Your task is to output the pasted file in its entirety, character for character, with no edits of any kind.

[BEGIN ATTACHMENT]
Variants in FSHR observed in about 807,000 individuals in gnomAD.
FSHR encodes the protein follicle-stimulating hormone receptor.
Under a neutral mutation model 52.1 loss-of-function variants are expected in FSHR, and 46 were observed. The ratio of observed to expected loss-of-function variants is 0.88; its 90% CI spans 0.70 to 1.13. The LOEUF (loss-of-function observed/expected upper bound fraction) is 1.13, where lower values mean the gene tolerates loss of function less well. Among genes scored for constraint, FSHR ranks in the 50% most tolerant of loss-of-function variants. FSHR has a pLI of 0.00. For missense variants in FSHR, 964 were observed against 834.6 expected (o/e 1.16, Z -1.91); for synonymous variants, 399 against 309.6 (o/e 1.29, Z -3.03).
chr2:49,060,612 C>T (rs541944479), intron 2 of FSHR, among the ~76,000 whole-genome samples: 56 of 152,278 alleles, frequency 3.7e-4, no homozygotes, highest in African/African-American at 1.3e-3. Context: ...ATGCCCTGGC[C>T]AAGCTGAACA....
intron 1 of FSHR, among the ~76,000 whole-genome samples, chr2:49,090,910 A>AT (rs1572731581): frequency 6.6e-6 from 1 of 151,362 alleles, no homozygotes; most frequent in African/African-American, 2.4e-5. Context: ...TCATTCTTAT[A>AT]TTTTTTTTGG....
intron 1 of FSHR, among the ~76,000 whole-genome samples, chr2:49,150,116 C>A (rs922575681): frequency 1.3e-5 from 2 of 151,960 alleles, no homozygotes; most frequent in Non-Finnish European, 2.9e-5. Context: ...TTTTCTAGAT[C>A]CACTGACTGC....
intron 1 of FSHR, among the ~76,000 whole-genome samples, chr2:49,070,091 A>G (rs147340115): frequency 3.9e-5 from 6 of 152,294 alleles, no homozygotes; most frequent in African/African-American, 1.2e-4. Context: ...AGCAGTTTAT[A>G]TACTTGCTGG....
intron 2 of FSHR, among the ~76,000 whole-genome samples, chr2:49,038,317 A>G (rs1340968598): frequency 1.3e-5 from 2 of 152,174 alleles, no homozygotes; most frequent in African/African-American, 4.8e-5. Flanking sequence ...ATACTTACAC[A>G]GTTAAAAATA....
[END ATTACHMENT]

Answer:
Variants in FSHR observed in about 807,000 individuals in gnomAD.
FSHR encodes the protein follicle-stimulating hormone receptor.
Under a neutral mutation model 52.1 loss-of-function variants are expected in FSHR, and 46 were observed. The ratio of observed to expected loss-of-function variants is 0.88; its 90% CI spans 0.70 to 1.13. The LOEUF (loss-of-function observed/expected upper bound fraction) is 1.13, where lower values mean the gene tolerates loss of function less well. Among genes scored for constraint, FSHR ranks in the 50% most tolerant of loss-of-function variants. FSHR has a pLI of 0.00. For missense variants in FSHR, 964 were observed against 834.6 expected (o/e 1.16, Z -1.91); for synonymous variants, 399 against 309.6 (o/e 1.29, Z -3.03).
chr2:49,060,612 C>T (rs541944479), intron 2 of FSHR, among the ~76,000 whole-genome samples: 56 of 152,278 alleles, frequency 3.7e-4, no homozygotes, highest in African/African-American at 1.3e-3. Context: ...ATGCCCTGGC[C>T]AAGCTGAACA....
intron 1 of FSHR, among the ~76,000 whole-genome samples, chr2:49,090,910 A>AT (rs1572731581): frequency 6.6e-6 from 1 of 151,362 alleles, no homozygotes; most frequent in African/African-American, 2.4e-5. Context: ...TCATTCTTAT[A>AT]TTTTTTTTGG....
intron 1 of FSHR, among the ~76,000 whole-genome samples, chr2:49,150,116 C>A (rs922575681): frequency 1.3e-5 from 2 of 151,960 alleles, no homozygotes; most frequent in Non-Finnish European, 2.9e-5. Context: ...TTTTCTAGAT[C>A]CACTGACTGC....
intron 1 of FSHR, among the ~76,000 whole-genome samples, chr2:49,070,091 A>G (rs147340115): frequency 3.9e-5 from 6 of 152,294 alleles, no homozygotes; most frequent in African/African-American, 1.2e-4. Context: ...AGCAGTTTAT[A>G]TACTTGCTGG....
intron 2 of FSHR, among the ~76,000 whole-genome samples, chr2:49,038,317 A>G (rs1340968598): frequency 1.3e-5 from 2 of 152,174 alleles, no homozygotes; most frequent in African/African-American, 4.8e-5. Flanking sequence ...ATACTTACAC[A>G]GTTAAAAATA....